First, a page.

The Internet of Things (IoT) is leading to a revolution for the business of companies and still has massive potentials of growth, but such change reveals legal risks never experienced by many of them.
The comment from the former CEO of Nokia during the press release of announcement of the acquisition of their smartphone division by Microsoft is very interesting. He said:
“We didn’t do anything wrong, but somehow, we lost…“
Nokia was one of the largest manufacturers of mobile phones in the past. In the 3rd quarter of 2007 almost half of mobile phones worldwide were Nokia phones. However in the 3rd quarter of 2012, Nokia’s market share had dramatically dropped to slightly more than 3%.
The decline of the company was not due to mistakes by its management. But the world had changed too quickly, while Nokia had not been able to keep up with it. Therefore not only had it lost revenues, but also the opportunity to survive…
New IoT business models crate a stronger LINK with customers
The same type of change is now happening with the Internet of Things (IoT). For instance Pirelli and Michelin are embedding their tyres with sensors able to collect data about vehicle performance and road conditions. Such data is then conveyed to the driver as well as to the car’s electronics, helping to improve safety and efficiency.
The data collected through the tyres enabled such companies to introduce the concept of tyres as a service.
Up until yesterday, the relationship with our tyres dealer was “one-off” every 4/5 years, while now customers can enter into a long term contract in which not only the price is turned into a periodic fee, but also a number of value added services are provided as consideration for the required fee.
Such value added services are possible because of the information collected about the performance of the tyres as well as the driver, his habits, his style of driving, the places where he more frequently goes etc..
A business that from its creation had never known anything about its customers, all of sudden can start to receive a huge amount of personal data about them with associated privacy related obligations and potential liabilities.
And the timing of this shift could not be “worse”…
The EU Data Protection Regulation has just been adopted. The Regulation will not only add a considerable load of new privacy obligations, but also increase the applicable fines which will become up to 4% of the global turnover of the breaching entity.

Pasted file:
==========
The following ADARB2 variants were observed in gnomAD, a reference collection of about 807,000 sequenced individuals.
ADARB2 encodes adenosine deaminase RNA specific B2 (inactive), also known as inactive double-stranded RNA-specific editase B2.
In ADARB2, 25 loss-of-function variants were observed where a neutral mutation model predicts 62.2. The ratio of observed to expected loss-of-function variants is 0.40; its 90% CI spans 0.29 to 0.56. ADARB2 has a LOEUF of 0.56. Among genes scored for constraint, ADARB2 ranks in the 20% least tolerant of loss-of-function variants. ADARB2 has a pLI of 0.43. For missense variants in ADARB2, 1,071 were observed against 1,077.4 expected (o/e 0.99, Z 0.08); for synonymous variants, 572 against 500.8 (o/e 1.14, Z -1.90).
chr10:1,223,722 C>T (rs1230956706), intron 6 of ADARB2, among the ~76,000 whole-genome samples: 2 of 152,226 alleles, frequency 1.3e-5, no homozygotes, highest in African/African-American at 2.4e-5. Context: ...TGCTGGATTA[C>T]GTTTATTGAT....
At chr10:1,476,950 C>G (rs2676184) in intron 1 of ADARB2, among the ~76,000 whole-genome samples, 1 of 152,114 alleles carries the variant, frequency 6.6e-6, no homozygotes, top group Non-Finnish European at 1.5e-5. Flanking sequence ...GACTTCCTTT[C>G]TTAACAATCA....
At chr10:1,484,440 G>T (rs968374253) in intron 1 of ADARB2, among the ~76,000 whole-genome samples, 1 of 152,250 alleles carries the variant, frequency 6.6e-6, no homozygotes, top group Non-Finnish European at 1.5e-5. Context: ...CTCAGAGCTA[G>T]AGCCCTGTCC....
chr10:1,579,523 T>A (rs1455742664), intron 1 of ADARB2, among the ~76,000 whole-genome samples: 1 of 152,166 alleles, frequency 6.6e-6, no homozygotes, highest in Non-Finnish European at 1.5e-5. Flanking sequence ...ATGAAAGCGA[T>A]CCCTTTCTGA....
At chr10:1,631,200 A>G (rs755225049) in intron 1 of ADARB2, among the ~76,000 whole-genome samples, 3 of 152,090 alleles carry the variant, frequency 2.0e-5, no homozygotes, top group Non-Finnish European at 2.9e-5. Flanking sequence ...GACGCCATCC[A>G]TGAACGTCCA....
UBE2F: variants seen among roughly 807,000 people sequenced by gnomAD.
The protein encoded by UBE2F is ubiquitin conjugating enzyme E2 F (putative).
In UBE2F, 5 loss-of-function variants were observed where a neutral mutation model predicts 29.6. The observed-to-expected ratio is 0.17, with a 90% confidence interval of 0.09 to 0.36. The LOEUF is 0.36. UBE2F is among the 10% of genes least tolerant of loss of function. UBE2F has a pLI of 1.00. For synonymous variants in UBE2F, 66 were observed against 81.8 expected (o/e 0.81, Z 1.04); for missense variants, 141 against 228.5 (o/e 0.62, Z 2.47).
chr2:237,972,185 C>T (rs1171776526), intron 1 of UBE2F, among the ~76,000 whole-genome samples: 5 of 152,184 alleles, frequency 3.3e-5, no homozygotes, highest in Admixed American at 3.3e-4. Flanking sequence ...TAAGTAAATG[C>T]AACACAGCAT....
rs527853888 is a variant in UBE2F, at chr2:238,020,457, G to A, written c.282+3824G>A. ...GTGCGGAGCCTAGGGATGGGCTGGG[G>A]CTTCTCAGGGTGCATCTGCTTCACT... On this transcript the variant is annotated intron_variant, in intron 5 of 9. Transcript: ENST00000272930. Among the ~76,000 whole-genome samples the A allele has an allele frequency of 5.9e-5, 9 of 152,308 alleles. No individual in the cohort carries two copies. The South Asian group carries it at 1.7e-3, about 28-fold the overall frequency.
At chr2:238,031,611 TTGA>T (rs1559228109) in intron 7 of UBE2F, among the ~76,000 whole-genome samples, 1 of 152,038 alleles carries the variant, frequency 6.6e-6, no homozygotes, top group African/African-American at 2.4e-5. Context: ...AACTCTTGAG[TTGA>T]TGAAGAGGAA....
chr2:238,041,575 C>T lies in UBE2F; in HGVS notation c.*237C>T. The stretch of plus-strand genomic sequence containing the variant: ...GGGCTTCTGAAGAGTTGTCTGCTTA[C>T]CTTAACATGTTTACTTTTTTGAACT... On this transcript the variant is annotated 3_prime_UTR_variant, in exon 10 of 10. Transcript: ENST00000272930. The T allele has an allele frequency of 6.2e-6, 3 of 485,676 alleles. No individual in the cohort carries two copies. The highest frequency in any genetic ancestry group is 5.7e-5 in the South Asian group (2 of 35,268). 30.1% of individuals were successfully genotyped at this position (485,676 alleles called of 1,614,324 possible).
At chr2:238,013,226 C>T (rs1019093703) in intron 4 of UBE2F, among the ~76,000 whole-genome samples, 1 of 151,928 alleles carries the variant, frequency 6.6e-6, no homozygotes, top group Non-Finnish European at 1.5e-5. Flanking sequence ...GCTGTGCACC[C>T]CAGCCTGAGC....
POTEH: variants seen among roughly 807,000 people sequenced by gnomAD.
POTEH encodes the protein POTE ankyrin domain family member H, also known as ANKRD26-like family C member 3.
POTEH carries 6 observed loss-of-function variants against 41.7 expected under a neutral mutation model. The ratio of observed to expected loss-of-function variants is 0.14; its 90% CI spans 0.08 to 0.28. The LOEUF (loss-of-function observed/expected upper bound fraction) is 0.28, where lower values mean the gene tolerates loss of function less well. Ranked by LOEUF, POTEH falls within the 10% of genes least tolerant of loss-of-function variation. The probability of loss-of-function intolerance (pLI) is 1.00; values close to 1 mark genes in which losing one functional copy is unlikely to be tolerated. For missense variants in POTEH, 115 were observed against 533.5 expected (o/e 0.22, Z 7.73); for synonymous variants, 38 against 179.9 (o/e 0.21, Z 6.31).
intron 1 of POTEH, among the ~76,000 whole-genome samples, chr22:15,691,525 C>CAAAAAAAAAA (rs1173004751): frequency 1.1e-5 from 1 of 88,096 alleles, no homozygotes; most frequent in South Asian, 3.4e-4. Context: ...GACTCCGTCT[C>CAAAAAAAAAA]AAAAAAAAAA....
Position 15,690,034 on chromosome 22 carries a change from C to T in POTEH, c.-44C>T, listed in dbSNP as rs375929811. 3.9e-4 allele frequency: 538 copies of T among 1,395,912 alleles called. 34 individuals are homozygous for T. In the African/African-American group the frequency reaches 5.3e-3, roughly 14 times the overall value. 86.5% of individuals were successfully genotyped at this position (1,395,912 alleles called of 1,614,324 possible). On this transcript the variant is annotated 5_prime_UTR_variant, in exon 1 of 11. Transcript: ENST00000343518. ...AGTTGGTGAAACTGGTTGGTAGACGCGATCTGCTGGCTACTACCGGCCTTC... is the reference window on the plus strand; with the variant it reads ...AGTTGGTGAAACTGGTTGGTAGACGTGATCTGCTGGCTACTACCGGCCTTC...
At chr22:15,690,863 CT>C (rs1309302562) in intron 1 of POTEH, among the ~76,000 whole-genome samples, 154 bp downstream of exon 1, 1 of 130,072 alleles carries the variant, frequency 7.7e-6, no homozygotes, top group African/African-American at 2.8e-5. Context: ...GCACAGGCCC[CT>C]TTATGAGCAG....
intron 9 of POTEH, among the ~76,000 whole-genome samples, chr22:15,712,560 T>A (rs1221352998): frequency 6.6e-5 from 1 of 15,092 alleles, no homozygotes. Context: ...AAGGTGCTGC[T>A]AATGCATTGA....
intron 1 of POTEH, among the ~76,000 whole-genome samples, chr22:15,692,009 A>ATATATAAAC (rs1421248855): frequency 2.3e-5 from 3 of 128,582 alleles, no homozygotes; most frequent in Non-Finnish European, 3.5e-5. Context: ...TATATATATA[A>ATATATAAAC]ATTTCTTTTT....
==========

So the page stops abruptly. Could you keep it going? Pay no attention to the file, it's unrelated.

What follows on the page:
This is a historical change if it is considered that one of the largest fines issued in the European Union for privacy breaches was of € 1 million issued in Italy against Google for the data collected through their Street View service.
And this is not an issue only for companies based in the European union. Wherever the business is based, it shall comply with European data protection law if it offers its services to people located in Europe or monitors their behavior by means for instance of cookies and fingerprinting.
The so called “privacy by design” and “security by design” are not only obligations, but are the main current tools available to limit potential liabilities. However, the exact scope of these obligations and of a large part of the obligations imposed by the Regulation shall be “negotiated” with privacy authorities to find solutions able to ensure privacy compliance preserving at the same time the potentials of businesses.
The regulation will come into force in May 2018, but such major changes need to be implemented that I don’t think to be wrong in saying that the majority of companies worldwide risk not to be ready by that deadline!
The IoT is not only about privacy…
Cyber security risks are amplified with Internet of Things technologies. The connected cars hacked last year in the US show the size of the risk, and the risk exposure will further increase with sensors able to communicate with other devices, detect items and trigger automatic actions. There were 48.8 million cyber-attacks in 2014 and such figures will exponentially increase with the adoption of IoT technologies.
The occurrence of a cyber-attack is not a question of if, but of when…
Companies need to get ready adopting adequate internal policies and liability protections in order to be able to minimise the risk of occurrence of cyber-attacks and being able to react at a cyber-attack reducing the potential liabilities in case of their occurrence.
Giulio Coraggio is a partner at the global law firm DLA Piper where he co-heads the global Internet of Things group and chairs the Italian Technology sector. Giulio is listed by the major legal directories and among the top global Internet of Things influencers by Onalytica and is the co-founder of the Italian association on the Internet of Things, IoTItaly. Finally, he is the blogmaster of www.gamingtechlaw.com where he covers technology law matters and can be reached at email@example.com and on Twitter at @GiulioCoraggio